One benefit of a simple outdoor life with minimal inputs, such as at our field school or on extended trips in the bush, is that there is less stuff. This gives more meaning to the stuff you have, but also eliminates the clutter that gets in the way so often in modern life. When you only carry stuff with you that has a purpose (sometimes numerous purposes), it’s easy to de-clutter.
When I’m in a modern house I’m so insulated from the rain and snow that individual roof panels or shingles are taken for granted. If something was wrong and the roof started to leak, I might not know right away – it could take some time before the signs of the leak started to be visible in the living space. I’m so insulated from my needs that meeting them becomes an abstraction.
In contrast, when I spend a week in a canvas tent or under a tarp I appreciate every inch of the canvas that keeps me warm and dry. When there’s a problem, I know right away. And when gathering wood for my fire, each stick counts. I’m protected, but not insulated, from the elements. The experience of life is different as a result.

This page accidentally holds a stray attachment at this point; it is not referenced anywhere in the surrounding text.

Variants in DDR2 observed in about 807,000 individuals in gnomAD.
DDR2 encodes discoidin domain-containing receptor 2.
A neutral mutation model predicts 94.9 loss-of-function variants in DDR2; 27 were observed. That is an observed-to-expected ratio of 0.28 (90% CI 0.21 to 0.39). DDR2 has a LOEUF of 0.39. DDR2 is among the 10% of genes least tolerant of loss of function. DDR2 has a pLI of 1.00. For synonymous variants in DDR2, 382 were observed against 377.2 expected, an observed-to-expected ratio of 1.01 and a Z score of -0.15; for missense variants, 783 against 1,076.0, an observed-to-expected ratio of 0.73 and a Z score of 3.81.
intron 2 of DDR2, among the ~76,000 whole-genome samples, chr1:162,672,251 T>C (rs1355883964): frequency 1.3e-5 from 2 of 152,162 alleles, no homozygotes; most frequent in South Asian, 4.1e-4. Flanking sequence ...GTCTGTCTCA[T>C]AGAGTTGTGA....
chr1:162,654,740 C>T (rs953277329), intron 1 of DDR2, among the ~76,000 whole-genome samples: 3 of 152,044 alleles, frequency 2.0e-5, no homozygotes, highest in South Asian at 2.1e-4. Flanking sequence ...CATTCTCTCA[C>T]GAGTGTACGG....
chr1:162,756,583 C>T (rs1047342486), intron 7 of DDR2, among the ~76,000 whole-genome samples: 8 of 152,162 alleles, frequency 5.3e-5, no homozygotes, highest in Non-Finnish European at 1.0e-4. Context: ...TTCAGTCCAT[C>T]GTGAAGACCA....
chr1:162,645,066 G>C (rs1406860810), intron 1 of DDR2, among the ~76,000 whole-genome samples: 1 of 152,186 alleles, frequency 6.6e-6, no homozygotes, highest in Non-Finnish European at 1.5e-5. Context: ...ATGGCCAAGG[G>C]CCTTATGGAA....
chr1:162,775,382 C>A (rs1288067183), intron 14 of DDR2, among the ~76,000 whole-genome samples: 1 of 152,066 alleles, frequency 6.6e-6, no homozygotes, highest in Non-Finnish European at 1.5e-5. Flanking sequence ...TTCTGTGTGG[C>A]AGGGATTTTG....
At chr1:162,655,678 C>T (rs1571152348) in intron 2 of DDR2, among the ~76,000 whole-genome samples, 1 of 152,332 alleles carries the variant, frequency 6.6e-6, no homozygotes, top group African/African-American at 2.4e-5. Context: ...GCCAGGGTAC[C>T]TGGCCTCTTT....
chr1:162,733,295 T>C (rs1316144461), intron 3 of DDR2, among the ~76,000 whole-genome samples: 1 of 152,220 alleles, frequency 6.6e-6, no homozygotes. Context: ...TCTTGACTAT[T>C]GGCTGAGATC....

Having less stuff, in this case, gives more meaning to my life. It allows me to appreciate the process of providing for my needs. The experience is more powerful because I’m directly engaged, making life a richer experience. Put another way, to get more out of the experience, have less.